At the same time, the small kingdom of Thapsis on the border near Parthia has risen in revolt against Roman rule. Determined to swiftly end the revolt Corbulo leads a force to retake the kingdom with Marco at his side. However, what was initially believed to be an easy victory quickly turns into an arduous campaign as the Romans encounter heavy resistance. Worse, the harsh conditions and the even harsher discipline of Corbulo soon begin to wear on the soldier’s morale and loyalty. As Cato and Marco attempt to succeed in their missions, both officers are beset by unexpected setbacks and suspicious activities. It soon becomes apparent that a Parthian spy has infiltrated the Romans and is sabotaging their efforts and stoking a mutiny amongst the Roman ranks. Can Cato and Marco catch them before it is too late, or will this be their final mission?

This latest book from Scarrow is a fantastic and enjoyable read which features a cool new story with some unique and intriguing elements to it. I really like where Scarrow took the plot in Traitors of Rome, as he utilises two separate but equally enjoyable storylines by splitting up the two protagonists and sending them on separate missions. Both of the storylines are fairly different from each other, with Marco’s storyline being the more classic Roman military operation, while Cato’s storyline features a clandestine operation behind enemy lines with major political and espionage ramifications to it. This makes for a more complex narrative, but I found that the two different storylines worked very well together, and I really enjoyed seeing both of these plots progress. Scarrow does a good job of splitting the book between these two thrilling adventures and both of these storylines are a lot of fun.

I like some of the different elements that Scarrow featured in this fantastic, action-packed story. For example, the Cato plot had a really good team-up between Cato and the mysterious “clerk” Apollonius of Perga, a shrewd and ruthless agent of the general who lives to be mysterious and who Cato does not know if he can trust. Their relationship eventually evolves into grudging mutual respect, especially after they are forced to escape from Parthia in a great part of the book which sees them pursued by the army and other opportunists across the land. The Marco plot is also really intriguing, as it focuses on the difficult campaign to conquer Thapsis and the resultant hardships faced by the Romans when their supply lines are broken. This devolves into a messy situation where the men are fast losing their morale and General Corbulo’s harsh and unjust punishments to maintain military order and discipline start to push them in the direction of a mutiny. How this whole situation breaks down over the course of the campaign is rather fascinating, and of course Marco is caught in the middle of it. These two separate storylines come together in a great way towards the end of the book, and it looks like the series will be going in a new direction for the next book.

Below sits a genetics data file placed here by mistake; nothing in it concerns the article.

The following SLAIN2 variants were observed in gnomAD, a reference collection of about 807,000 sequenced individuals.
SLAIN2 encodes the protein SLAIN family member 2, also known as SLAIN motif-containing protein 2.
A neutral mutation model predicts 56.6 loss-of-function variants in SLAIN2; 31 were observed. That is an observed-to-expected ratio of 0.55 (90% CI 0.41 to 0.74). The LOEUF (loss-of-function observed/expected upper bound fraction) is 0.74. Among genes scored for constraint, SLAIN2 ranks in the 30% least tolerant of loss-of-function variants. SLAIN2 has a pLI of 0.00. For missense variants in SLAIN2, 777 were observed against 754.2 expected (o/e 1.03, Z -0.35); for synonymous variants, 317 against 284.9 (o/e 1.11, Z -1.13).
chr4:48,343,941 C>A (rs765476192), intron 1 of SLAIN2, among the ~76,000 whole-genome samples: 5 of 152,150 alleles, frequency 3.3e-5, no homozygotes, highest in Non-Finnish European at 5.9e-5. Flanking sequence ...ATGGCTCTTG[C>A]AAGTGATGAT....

As always, Scarrow is a master of writing excellent historical action sequences, and after 18 books his depictions of Roman military combat have gotten pretty darn good. There are a few large-scale battle scenes throughout this book which show off Roman close-combat fighting, and the reader gets to see several other Roman battle strategies put into play. There are also several smaller-scale fights, especially in the Cato storyline, where Cato and his men face off against a more disparate array of opponents, from Parthian patrols to pirates. All of these action sequences are really well written and provide the reader with all their required excitement and thrills.

Overall, Traitors of Rome was another fantastic addition to Scarrow’s outstanding Eagles of the Empire series. Scarrow has produced another intense and exciting adventure story which goes in some cool new directions and once again puts his likeable protagonists in the middle of some major conflicts with their lives on the line. This is still one of my favourite historical fiction series of all time and is probably the best long-running Roman military sagas out there. It does feel like this series is starting to wrap up, especially as Marco gets married in this book and starts talking about retirement; however, this might be some sort of prelude to a great tragedy that keeps him in the army. Still, I am very much looking forward to the next book in the series, and I cannot wait to see where the story goes next.

Canberra Weekly Column – Suggested Holiday Reads

Canberra Weekly Column - 19 December 2019 - Holiday Reads-Adjusted.jpg

Originally published in the Canberra Weekly on 19 December 2019 and done in conjunction with Jeff from Murder, Mayhem and Long Dogs.

The reviews of Traitors of Rome (make sure to check out the extended review here) and The Light at the Bottom of the World were done by me, while Jeff reviewed The Last Resort, Would Like to Meet and The Siberian Dilemma.